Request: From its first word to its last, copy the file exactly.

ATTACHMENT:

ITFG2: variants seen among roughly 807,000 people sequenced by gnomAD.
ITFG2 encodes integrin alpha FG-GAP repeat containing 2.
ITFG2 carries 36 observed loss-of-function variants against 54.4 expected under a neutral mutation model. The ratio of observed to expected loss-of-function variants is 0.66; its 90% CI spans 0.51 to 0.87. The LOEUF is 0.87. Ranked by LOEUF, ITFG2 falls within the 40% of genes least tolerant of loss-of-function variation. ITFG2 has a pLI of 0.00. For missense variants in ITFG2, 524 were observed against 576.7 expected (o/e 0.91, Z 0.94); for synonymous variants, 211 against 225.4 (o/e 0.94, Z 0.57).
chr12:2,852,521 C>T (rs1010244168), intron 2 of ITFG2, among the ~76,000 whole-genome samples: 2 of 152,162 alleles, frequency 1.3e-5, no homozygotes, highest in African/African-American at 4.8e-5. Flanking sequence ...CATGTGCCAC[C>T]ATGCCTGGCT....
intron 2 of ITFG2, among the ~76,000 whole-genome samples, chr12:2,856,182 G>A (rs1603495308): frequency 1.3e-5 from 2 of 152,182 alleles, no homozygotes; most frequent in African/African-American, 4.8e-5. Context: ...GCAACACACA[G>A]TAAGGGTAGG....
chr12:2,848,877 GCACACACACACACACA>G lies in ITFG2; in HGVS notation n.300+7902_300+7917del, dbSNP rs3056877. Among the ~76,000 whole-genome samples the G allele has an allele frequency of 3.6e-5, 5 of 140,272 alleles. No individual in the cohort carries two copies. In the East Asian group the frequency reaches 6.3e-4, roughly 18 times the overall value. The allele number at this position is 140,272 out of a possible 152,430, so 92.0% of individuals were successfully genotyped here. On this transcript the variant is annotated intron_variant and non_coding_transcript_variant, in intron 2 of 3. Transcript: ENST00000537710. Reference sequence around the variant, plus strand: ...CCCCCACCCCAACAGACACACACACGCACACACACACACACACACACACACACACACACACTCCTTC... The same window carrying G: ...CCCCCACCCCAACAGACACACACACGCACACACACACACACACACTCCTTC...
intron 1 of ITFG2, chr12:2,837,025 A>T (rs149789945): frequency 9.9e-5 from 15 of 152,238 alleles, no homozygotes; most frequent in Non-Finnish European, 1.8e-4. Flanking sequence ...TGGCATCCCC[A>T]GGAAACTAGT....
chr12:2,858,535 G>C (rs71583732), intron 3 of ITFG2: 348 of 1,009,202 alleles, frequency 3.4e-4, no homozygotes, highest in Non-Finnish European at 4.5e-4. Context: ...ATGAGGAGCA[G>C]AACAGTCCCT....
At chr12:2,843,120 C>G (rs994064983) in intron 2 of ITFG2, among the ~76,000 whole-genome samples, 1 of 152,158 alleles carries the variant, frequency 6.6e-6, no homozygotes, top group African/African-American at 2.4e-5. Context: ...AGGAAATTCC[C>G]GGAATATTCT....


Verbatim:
ITFG2: variants seen among roughly 807,000 people sequenced by gnomAD.
ITFG2 encodes integrin alpha FG-GAP repeat containing 2.
ITFG2 carries 36 observed loss-of-function variants against 54.4 expected under a neutral mutation model. The ratio of observed to expected loss-of-function variants is 0.66; its 90% CI spans 0.51 to 0.87. The LOEUF is 0.87. Ranked by LOEUF, ITFG2 falls within the 40% of genes least tolerant of loss-of-function variation. ITFG2 has a pLI of 0.00. For missense variants in ITFG2, 524 were observed against 576.7 expected (o/e 0.91, Z 0.94); for synonymous variants, 211 against 225.4 (o/e 0.94, Z 0.57).
chr12:2,852,521 C>T (rs1010244168), intron 2 of ITFG2, among the ~76,000 whole-genome samples: 2 of 152,162 alleles, frequency 1.3e-5, no homozygotes, highest in African/African-American at 4.8e-5. Flanking sequence ...CATGTGCCAC[C>T]ATGCCTGGCT....
intron 2 of ITFG2, among the ~76,000 whole-genome samples, chr12:2,856,182 G>A (rs1603495308): frequency 1.3e-5 from 2 of 152,182 alleles, no homozygotes; most frequent in African/African-American, 4.8e-5. Context: ...GCAACACACA[G>A]TAAGGGTAGG....
chr12:2,848,877 GCACACACACACACACA>G lies in ITFG2; in HGVS notation n.300+7902_300+7917del, dbSNP rs3056877. Among the ~76,000 whole-genome samples the G allele has an allele frequency of 3.6e-5, 5 of 140,272 alleles. No individual in the cohort carries two copies. In the East Asian group the frequency reaches 6.3e-4, roughly 18 times the overall value. The allele number at this position is 140,272 out of a possible 152,430, so 92.0% of individuals were successfully genotyped here. On this transcript the variant is annotated intron_variant and non_coding_transcript_variant, in intron 2 of 3. Transcript: ENST00000537710. Reference sequence around the variant, plus strand: ...CCCCCACCCCAACAGACACACACACGCACACACACACACACACACACACACACACACACACTCCTTC... The same window carrying G: ...CCCCCACCCCAACAGACACACACACGCACACACACACACACACACTCCTTC...
intron 1 of ITFG2, chr12:2,837,025 A>T (rs149789945): frequency 9.9e-5 from 15 of 152,238 alleles, no homozygotes; most frequent in Non-Finnish European, 1.8e-4. Flanking sequence ...TGGCATCCCC[A>T]GGAAACTAGT....
chr12:2,858,535 G>C (rs71583732), intron 3 of ITFG2: 348 of 1,009,202 alleles, frequency 3.4e-4, no homozygotes, highest in Non-Finnish European at 4.5e-4. Context: ...ATGAGGAGCA[G>C]AACAGTCCCT....
At chr12:2,843,120 C>G (rs994064983) in intron 2 of ITFG2, among the ~76,000 whole-genome samples, 1 of 152,158 alleles carries the variant, frequency 6.6e-6, no homozygotes, top group African/African-American at 2.4e-5. Context: ...AGGAAATTCC[C>G]GGAATATTCT....